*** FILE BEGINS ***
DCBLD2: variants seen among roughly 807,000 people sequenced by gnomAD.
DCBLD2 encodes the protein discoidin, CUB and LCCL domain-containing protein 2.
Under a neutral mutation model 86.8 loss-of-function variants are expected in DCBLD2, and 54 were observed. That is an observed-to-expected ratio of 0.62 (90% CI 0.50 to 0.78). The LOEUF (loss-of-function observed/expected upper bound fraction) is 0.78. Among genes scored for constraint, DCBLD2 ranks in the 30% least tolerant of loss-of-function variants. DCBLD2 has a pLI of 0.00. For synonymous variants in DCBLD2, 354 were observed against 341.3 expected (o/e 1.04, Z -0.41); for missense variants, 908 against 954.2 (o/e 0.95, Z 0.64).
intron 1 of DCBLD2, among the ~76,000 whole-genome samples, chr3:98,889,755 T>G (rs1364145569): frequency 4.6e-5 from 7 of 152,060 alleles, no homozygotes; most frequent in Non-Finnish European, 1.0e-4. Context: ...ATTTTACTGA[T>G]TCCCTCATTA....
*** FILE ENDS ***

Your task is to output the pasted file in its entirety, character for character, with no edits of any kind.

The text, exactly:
DCBLD2: variants seen among roughly 807,000 people sequenced by gnomAD.
DCBLD2 encodes the protein discoidin, CUB and LCCL domain-containing protein 2.
Under a neutral mutation model 86.8 loss-of-function variants are expected in DCBLD2, and 54 were observed. That is an observed-to-expected ratio of 0.62 (90% CI 0.50 to 0.78). The LOEUF (loss-of-function observed/expected upper bound fraction) is 0.78. Among genes scored for constraint, DCBLD2 ranks in the 30% least tolerant of loss-of-function variants. DCBLD2 has a pLI of 0.00. For synonymous variants in DCBLD2, 354 were observed against 341.3 expected (o/e 1.04, Z -0.41); for missense variants, 908 against 954.2 (o/e 0.95, Z 0.64).
intron 1 of DCBLD2, among the ~76,000 whole-genome samples, chr3:98,889,755 T>G (rs1364145569): frequency 4.6e-5 from 7 of 152,060 alleles, no homozygotes; most frequent in Non-Finnish European, 1.0e-4. Context: ...ATTTTACTGA[T>G]TCCCTCATTA....